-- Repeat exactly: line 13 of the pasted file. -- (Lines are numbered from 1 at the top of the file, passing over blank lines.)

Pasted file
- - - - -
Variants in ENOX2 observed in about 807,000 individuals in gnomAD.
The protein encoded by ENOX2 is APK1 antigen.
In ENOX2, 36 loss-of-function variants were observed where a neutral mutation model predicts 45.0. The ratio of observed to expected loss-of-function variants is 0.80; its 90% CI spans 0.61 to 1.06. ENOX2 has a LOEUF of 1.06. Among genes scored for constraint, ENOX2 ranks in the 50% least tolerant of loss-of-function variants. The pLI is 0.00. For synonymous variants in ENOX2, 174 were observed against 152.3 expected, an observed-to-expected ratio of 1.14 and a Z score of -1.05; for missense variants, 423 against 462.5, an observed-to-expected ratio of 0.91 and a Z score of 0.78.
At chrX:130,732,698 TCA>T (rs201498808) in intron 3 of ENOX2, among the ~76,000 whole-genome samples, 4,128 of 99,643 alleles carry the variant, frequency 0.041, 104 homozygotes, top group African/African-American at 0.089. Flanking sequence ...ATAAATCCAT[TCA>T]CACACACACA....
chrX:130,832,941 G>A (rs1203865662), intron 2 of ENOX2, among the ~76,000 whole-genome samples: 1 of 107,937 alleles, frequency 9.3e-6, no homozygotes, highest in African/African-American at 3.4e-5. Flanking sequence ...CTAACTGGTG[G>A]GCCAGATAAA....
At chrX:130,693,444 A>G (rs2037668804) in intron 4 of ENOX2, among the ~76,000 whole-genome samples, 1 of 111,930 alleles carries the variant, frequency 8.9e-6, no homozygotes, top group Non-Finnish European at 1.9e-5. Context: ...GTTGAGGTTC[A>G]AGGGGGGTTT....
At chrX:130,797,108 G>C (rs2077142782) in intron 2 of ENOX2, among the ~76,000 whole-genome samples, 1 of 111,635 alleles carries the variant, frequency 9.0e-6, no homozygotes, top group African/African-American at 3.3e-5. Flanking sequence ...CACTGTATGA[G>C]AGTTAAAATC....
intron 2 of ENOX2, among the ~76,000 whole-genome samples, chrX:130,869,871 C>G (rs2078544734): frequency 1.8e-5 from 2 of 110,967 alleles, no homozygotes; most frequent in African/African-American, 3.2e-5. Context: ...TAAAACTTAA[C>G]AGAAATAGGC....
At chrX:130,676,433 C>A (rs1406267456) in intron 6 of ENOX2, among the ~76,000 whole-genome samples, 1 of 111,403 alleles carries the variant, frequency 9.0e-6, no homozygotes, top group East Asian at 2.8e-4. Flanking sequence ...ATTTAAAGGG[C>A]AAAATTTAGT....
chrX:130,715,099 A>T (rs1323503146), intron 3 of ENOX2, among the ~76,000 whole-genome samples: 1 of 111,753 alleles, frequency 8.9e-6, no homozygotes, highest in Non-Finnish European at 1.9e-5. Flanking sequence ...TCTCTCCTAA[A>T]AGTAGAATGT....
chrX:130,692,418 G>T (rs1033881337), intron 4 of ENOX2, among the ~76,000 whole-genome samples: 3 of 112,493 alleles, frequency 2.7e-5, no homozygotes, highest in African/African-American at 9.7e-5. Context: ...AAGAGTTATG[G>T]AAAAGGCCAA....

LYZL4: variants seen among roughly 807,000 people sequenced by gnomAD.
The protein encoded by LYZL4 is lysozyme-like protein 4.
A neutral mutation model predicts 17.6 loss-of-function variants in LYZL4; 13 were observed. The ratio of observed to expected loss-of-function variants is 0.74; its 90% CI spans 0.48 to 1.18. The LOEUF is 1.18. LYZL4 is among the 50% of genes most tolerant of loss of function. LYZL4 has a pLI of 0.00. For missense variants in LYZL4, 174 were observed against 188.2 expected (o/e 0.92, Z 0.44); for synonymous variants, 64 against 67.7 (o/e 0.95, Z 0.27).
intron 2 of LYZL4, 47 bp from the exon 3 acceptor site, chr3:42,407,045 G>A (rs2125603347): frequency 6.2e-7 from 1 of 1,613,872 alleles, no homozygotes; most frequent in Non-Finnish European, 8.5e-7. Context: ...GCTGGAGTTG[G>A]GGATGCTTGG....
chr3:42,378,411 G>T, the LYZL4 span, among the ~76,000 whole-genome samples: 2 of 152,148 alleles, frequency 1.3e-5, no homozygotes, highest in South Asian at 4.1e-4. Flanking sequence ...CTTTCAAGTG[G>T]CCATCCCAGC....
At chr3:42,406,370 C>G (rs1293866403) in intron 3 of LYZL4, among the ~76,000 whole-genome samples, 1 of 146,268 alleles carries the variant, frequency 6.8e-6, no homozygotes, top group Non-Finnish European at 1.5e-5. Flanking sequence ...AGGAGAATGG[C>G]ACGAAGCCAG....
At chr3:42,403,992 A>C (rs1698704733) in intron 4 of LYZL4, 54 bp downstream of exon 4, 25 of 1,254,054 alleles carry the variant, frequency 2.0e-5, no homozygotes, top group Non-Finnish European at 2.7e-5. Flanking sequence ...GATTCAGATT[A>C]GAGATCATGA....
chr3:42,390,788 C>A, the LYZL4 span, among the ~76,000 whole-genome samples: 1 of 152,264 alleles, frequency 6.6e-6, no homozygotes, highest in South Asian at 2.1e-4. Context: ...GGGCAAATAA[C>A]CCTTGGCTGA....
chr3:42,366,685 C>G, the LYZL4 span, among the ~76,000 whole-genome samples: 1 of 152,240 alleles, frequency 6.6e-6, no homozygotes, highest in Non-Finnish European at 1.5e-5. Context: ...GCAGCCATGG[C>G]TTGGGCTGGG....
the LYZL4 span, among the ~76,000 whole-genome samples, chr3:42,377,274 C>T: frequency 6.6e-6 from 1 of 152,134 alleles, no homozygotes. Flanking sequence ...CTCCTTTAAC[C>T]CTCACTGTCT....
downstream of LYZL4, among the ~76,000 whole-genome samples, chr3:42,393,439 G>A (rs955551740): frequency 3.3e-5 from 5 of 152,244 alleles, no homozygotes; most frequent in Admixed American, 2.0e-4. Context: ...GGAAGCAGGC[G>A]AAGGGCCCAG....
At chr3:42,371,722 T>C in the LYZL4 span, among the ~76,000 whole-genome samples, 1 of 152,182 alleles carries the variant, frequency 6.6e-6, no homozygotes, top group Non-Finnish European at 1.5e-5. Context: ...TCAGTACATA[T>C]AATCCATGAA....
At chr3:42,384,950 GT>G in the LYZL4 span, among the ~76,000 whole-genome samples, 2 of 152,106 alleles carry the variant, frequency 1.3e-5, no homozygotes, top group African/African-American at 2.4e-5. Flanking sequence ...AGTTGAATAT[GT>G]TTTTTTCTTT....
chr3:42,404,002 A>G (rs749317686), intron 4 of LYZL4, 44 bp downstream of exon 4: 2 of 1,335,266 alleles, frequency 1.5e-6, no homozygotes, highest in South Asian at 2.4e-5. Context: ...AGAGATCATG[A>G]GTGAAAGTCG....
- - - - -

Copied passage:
The protein encoded by LYZL4 is lysozyme-like protein 4.